1. In step mode, the mask table MT and the substrate table WT are kept essentially stationary, while an entire pattern imparted to the radiation beam is projected onto a target portion C at one time (i.e. a single static exposure). The substrate table WT is then shifted in the X and/or Y direction so that a different target portion C can be exposed. In step mode, the maximum size of the exposure field limits the size of the target portion C imaged in a single static exposure.

2. In scan mode, the mask table MT and the substrate table WT are scanned synchronously while a pattern imparted to the radiation beam is projected onto a target portion C (i.e. a single dynamic exposure). The velocity and direction of the substrate table WT relative to the mask table MT may be determined by the (de-)magnification and image reversal characteristics of the projection system PS. In scan mode, the maximum size of the exposure field limits the width (in the non-scanning direction) of the target portion in a single dynamic exposure, whereas the length of the scanning motion determines the height (in the scanning direction) of the target portion.

3. In another mode, the mask table MT is kept essentially stationary holding a programmable patterning device, and the substrate table WT is moved or scanned while a pattern imparted to the radiation beam is projected onto a target portion C. In this mode, generally a pulsed radiation source is employed and the programmable patterning device is updated as required after each movement of the substrate table WT or in between successive radiation pulses during a scan. This mode of operation can be readily applied to maskless lithography that utilizes programmable patterning device, such as a programmable mirror array of a type as referred to above.

Combinations and/or variations on the above described modes of use or entirely different modes of use may also be employed.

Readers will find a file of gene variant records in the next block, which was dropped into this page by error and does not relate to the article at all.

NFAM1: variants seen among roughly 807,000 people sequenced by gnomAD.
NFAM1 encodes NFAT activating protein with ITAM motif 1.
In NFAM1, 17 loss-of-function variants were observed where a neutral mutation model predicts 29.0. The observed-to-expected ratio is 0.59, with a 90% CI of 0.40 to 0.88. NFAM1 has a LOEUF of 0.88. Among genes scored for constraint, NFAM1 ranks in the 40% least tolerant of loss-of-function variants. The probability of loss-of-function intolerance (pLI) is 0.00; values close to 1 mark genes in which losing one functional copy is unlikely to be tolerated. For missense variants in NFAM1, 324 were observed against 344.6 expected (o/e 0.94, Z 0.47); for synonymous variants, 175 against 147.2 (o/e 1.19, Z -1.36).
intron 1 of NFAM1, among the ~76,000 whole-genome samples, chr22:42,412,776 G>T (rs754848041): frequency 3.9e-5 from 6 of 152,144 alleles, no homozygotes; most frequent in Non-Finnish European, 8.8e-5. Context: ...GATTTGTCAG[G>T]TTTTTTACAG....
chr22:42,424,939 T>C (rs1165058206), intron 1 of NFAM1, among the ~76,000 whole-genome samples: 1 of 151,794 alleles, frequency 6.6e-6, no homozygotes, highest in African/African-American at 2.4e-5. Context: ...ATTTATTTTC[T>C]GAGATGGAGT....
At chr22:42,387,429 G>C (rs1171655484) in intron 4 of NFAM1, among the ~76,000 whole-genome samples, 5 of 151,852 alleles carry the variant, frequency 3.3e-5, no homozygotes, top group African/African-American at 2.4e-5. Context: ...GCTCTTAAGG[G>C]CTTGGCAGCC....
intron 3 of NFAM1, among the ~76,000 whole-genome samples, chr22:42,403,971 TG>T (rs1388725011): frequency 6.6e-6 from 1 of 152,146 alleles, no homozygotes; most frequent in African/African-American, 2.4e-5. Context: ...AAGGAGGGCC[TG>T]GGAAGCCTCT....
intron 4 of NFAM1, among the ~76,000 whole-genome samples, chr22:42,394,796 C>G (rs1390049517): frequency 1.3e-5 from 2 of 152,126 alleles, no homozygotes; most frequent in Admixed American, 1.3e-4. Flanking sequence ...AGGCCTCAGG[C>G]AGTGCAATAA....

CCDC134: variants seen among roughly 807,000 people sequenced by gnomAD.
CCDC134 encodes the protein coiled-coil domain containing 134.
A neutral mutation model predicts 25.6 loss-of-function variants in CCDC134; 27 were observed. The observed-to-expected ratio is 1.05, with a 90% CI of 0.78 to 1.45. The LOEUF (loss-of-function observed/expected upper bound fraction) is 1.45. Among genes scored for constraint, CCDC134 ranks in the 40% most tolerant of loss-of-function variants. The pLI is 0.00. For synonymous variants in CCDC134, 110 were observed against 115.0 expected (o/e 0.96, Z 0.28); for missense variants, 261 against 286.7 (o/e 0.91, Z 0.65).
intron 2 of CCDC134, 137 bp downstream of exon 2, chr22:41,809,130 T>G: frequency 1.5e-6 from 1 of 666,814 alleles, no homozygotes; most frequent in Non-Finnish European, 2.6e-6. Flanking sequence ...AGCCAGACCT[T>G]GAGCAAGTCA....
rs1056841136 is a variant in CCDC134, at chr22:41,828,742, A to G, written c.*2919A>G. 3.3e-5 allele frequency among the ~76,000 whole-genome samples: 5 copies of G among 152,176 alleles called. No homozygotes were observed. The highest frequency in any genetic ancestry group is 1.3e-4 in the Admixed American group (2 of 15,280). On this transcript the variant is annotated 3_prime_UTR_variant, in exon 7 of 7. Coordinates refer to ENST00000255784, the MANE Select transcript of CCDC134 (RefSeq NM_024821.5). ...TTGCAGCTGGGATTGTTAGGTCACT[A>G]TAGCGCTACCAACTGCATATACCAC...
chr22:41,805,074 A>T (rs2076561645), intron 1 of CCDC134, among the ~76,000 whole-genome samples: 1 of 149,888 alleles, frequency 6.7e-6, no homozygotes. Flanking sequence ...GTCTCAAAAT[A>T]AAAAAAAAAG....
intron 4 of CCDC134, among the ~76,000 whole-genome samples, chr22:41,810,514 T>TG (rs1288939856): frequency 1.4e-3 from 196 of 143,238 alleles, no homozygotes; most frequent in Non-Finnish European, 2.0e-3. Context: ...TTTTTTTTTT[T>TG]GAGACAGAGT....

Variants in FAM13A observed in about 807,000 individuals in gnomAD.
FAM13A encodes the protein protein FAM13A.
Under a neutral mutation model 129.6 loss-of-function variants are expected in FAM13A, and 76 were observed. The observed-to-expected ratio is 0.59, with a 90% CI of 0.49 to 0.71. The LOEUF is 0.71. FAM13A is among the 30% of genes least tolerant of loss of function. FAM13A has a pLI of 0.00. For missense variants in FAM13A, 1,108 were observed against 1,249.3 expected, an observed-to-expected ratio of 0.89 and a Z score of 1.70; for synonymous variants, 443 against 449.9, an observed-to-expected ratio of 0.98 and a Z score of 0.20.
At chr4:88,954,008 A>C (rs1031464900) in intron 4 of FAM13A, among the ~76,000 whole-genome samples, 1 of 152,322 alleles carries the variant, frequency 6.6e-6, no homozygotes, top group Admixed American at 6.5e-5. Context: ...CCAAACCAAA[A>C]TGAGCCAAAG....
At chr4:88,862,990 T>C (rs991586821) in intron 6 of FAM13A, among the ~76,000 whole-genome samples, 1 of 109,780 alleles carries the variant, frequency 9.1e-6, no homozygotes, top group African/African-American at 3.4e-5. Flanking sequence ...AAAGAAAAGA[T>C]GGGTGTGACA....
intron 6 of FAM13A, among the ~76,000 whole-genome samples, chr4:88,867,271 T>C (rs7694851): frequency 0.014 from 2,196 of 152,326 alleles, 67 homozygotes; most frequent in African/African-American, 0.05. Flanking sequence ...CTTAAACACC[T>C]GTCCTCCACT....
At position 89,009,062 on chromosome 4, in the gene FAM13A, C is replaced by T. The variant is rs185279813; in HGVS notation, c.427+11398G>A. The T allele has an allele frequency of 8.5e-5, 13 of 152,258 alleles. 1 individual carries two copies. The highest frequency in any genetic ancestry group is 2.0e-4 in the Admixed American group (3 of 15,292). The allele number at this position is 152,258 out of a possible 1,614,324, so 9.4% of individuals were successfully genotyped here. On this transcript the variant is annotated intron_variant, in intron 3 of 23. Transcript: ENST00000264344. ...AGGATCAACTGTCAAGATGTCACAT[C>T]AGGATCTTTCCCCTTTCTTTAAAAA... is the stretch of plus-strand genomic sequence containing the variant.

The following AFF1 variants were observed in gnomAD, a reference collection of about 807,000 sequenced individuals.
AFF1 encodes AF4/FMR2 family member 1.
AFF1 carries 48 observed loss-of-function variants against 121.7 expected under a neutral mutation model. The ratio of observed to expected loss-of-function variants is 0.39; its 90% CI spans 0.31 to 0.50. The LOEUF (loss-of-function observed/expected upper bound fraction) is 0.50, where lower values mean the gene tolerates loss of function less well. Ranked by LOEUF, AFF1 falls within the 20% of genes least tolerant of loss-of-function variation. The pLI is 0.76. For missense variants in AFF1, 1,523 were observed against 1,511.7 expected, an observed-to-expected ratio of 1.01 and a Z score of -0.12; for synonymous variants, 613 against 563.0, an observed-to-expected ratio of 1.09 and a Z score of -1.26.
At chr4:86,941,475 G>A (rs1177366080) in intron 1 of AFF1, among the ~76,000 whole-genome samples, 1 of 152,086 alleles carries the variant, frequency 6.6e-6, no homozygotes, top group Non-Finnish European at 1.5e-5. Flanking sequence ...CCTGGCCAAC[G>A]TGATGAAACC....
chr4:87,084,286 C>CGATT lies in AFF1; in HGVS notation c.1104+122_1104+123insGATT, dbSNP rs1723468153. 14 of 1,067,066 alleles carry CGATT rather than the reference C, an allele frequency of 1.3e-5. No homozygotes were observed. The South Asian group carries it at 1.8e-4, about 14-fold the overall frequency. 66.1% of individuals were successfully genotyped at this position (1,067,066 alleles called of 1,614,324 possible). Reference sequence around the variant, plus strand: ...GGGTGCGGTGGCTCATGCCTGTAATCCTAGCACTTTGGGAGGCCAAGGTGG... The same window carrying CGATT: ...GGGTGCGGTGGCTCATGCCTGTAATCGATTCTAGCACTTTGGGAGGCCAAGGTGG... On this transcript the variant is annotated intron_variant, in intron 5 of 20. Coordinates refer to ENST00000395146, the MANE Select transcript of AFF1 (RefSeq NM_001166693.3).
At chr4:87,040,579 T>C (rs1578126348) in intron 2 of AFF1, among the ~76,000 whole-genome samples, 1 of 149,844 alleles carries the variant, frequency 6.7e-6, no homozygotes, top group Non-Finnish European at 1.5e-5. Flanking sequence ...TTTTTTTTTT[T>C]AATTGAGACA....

The above apparatus can be used to carry out complementary phase shift mask imaging (c:PSM). In this technique a first exposure of the substrate W is carried out using an alternating phase shift mask (alt:PSM) as the patterning device MA, and then a second exposure of the substrate is carried out in which the alt:PSM is replaced by a binary trim mask. The first exposure is used to image, for example, gate lines on to a target portion of the substrate.

FIG. 2 shows a typical gate pattern on a conventional alternating phase shift mask (alt:PSM). Typically, the gate pattern on such an alt-PSM features a chrome “gate” line 2 and two phase “shifters” 3,4, one on each side of the chrome line. Each phase shifter 3,4 fills the whole width of the space between one gate line 2 and the next gate line (not shown). The shifters 3,4 introduce an 180 degree relative phase shift of an EM wave between parts of the wave at either side of the chrome line 2. Typically, one shifter causes an 180 degree phase shift, whereas the other “shifter” causes a zero degree phase shift (i.e. it actually does not shift a phase of the EM wave). The chrome line 2 and the shifters 3,4 constitute an alt-PSM area, and are therefore sometimes in the literature referred to an “embedded phase shift area”. In traditional alt:PSM techniques the width W of the shifters 3,4 (measured in the direction perpendicular to the chrome line 2) is not the same for each gate line 2. This is because in the traditional method the width of the chrome gate lines 2 and the space between adjacent gate lines is varied according to the pitch of the gate lines, in order to adjust for proximity effects (arising from pitch variation). Such proximity effects commonly manifest as a variation in the CD with pitch variation. This CD vs. pitch variation is often termed the “pitch linearity”. For AltPSM the space width (between gate lines 2) increases to large values for larger pitches. Table 2(b) illustrates typical variation of gate line width and space width with pitch. In this example, where the pitch varies from 130 to 1500 nm, it can be seen that the gate line width may vary from 0 to 90 nm and the space width from 55 to 1425 nm, where the target CD is 50 nm, the exposure wavelength is 193 nm and the numerical aperture (NA) of the projection system is 0.85. The most important disadvantages of large space widths are: